Being Thankful

This is a personal story about how we weathered “Irma.”

It was one year to the day we left Pennsylvania to move to Venice, Florida.

Wednesday, September 6th.

With the threat of Hurricane Irma coming, our adult children urged us to leave while we can and made hotel reservations for us. So my husband and I and our 11-year old dog and 11-year old cat left in our 2 cars. We evacuated our home and headed for a hotel in Dothan, Alabama. All pet-friendly hotels were booked solid with no rooms to be found when they reserved our room. We were grateful.

We left on what we thought would be a 7-hour drive – completely doable in a day!
It took us 15 hours. The roads displayed a mass exodus.

Hurricane Irma

There we were…. Sweet Home Alabama. The song was ringing through my head.
Our hotel was filled with Florida evacuees. We met many wonderful people, had numerous conversations about the storm, its potential effects, what we heard from home and what we heard on CNN. We found a new appreciation in just being safe.

I had safely packed up my 27” iMac desktop computer so I could continue and complete two CotterVisual projects that were in progress. With wifi and computers we can work anywhere. We also have redundant back-ups – one in the cloud, one time machine back up on the desktop and one external hard drive so the work is always accessible. But I needed the safety and comfort of my large screen iMac.

Thursday through Monday, September 7th-11th.

The local church brought lunch and dinner for us each day — even when there were tropical storm conditions. 48 hours before Irma hit Dothan, everything closed down in anticipation of the worst. The people knew they had hundreds of Florida evacuees in the area and they were incredibly kind and generous.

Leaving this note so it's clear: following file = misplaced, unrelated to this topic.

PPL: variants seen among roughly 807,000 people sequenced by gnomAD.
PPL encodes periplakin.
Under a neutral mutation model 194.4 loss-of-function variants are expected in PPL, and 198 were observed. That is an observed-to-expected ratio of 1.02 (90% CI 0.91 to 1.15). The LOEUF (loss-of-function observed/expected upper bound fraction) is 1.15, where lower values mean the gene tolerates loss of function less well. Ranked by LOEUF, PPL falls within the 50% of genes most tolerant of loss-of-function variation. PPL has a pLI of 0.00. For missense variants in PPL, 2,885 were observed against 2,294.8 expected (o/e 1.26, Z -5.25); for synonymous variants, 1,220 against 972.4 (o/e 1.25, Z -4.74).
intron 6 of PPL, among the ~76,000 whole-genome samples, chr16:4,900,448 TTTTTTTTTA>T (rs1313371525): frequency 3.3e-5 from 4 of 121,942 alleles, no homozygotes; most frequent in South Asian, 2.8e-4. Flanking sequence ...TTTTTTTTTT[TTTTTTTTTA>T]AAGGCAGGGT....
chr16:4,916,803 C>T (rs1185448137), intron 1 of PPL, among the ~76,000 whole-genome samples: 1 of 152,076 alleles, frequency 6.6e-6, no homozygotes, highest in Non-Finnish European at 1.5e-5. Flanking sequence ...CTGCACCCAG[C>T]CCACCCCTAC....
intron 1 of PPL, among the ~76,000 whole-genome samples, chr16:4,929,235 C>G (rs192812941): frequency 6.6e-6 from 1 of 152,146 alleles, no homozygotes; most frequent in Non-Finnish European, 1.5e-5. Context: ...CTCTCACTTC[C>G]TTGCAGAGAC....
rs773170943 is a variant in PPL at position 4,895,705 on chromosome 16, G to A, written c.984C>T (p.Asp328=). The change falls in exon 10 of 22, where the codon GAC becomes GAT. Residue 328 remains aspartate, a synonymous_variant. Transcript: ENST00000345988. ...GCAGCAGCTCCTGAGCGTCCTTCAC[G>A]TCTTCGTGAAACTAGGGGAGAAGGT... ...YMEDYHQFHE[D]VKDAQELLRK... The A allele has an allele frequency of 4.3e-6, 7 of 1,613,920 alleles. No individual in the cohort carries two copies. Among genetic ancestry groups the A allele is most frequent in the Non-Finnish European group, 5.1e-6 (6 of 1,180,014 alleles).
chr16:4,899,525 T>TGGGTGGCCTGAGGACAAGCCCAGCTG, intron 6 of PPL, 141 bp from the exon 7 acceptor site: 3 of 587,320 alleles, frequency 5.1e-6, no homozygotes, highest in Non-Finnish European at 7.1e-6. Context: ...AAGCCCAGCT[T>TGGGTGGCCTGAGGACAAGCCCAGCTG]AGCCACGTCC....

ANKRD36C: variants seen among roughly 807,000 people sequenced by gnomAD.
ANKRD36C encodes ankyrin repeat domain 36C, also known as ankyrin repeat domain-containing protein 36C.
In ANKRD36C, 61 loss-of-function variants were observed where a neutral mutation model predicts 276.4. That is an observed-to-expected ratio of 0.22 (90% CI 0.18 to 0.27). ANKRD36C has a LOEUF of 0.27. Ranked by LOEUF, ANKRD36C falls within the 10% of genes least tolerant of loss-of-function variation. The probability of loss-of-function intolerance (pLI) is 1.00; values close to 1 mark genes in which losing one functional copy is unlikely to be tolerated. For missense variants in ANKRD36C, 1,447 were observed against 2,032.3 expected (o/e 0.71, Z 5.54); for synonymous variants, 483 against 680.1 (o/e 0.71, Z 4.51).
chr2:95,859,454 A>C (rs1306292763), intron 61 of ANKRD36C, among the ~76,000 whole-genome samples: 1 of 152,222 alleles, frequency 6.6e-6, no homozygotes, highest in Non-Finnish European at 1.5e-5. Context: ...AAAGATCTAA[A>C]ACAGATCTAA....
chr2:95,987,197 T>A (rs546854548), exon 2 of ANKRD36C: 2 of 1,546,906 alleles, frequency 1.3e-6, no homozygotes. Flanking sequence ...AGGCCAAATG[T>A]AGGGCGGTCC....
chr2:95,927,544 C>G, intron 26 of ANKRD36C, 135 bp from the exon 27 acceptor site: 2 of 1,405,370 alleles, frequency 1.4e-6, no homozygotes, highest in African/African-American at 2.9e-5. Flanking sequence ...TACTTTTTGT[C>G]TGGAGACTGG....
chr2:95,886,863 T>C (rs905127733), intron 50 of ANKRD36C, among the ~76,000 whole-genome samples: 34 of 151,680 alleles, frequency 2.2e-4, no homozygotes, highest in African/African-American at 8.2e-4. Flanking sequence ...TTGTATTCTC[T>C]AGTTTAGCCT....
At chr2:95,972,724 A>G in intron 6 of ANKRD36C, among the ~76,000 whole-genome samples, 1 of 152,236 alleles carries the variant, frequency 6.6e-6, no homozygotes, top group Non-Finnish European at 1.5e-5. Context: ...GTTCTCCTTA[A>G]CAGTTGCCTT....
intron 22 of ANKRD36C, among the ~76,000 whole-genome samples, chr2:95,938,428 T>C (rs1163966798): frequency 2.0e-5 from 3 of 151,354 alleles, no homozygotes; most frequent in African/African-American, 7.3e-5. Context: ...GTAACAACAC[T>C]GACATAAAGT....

In the time spent before and during the storm, many friends reached out to us offering places to call home — if the worse were to happen and Irma took ours.

We thought about what we left behind, what might happen with our stuff and what might be in our future. We thought about the predicament of where to go if our home wasn’t livable. From the sounds of it, we knew there would potentially be nowhere to live nearby in Venice and we might have to go elsewhere until we could rebuild. Who even thinks about this….until faced with this possibility?

For me, this was a mentally exhausting and an emotionally draining experience.

In running all the possibilities through our minds, we knew the only one was that — we wanted to stay in Venice and rebuild — if it came to that. We might live in Austin, Texas or Chapel Hill, North Carolina temporarily but we wanted to continue to make our home in Venice — the area we have come to love and call home.

Tuesday, September 12th, 7am.

We got our 2 cars all packed up with our stuff and the 2 animals and their stuff. We were ready to go. I put my key in the ignition, turned it, nothing…. the battery was dead. People at the hotel quickly came to my rescue and gave my car a jump. I drove on to AutoZone for a battery. Once the battery was installed I had to enter the security codes for my car radio. I had the right codes. They just wouldn’t work. So I drove 15 hours in the sounds of silence. It gave me much time for my mind to wander and think. In the scope of things this was minor. It was just another reminder of all we had NOT lost.

We had reserved a “hard to get” pet-friendly hotel room in Gainesville, Florida in case we could not get enough gas to travel all the way home. As it turned out, we did find gas. We had a 1/2 hour wait. We couldn’t stand the thought of being away another day… so we kept on driving for home.

My neighbor had texted me earlier that our home was fine and the power had been restored … so that much we knew.

As we exited the highway heading for Venice in the dark, everything looked normal. A wave of excitement ran through me as we approached our street. We saw a lot of tree and plant debris in the road but there it was, our home… standing there waiting for us. The electric garage door worked and opened for us as if in a greeting. Welcome home.